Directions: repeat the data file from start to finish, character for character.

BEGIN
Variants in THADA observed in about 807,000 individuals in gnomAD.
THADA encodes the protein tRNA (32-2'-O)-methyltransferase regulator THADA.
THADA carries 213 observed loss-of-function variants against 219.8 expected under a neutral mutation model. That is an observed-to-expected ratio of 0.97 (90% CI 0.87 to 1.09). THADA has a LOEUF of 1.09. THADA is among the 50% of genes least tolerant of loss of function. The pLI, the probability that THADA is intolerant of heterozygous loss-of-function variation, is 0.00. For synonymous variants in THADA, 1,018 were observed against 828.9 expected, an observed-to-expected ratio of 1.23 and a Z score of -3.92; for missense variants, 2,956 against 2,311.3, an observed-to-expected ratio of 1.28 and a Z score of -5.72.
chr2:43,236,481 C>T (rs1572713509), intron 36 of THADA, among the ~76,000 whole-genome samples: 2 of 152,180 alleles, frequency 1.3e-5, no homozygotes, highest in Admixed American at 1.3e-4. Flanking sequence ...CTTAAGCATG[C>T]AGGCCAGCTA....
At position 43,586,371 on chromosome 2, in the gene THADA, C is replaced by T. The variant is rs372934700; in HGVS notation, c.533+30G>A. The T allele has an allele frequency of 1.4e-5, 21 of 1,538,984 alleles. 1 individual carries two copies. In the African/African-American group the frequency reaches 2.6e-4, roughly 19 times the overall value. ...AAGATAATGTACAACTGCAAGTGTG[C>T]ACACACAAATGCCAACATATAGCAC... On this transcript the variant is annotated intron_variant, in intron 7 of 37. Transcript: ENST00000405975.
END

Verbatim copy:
Variants in THADA observed in about 807,000 individuals in gnomAD.
THADA encodes the protein tRNA (32-2'-O)-methyltransferase regulator THADA.
THADA carries 213 observed loss-of-function variants against 219.8 expected under a neutral mutation model. That is an observed-to-expected ratio of 0.97 (90% CI 0.87 to 1.09). THADA has a LOEUF of 1.09. THADA is among the 50% of genes least tolerant of loss of function. The pLI, the probability that THADA is intolerant of heterozygous loss-of-function variation, is 0.00. For synonymous variants in THADA, 1,018 were observed against 828.9 expected, an observed-to-expected ratio of 1.23 and a Z score of -3.92; for missense variants, 2,956 against 2,311.3, an observed-to-expected ratio of 1.28 and a Z score of -5.72.
chr2:43,236,481 C>T (rs1572713509), intron 36 of THADA, among the ~76,000 whole-genome samples: 2 of 152,180 alleles, frequency 1.3e-5, no homozygotes, highest in Admixed American at 1.3e-4. Flanking sequence ...CTTAAGCATG[C>T]AGGCCAGCTA....
At position 43,586,371 on chromosome 2, in the gene THADA, C is replaced by T. The variant is rs372934700; in HGVS notation, c.533+30G>A. The T allele has an allele frequency of 1.4e-5, 21 of 1,538,984 alleles. 1 individual carries two copies. In the African/African-American group the frequency reaches 2.6e-4, roughly 19 times the overall value. ...AAGATAATGTACAACTGCAAGTGTG[C>T]ACACACAAATGCCAACATATAGCAC... On this transcript the variant is annotated intron_variant, in intron 7 of 37. Transcript: ENST00000405975.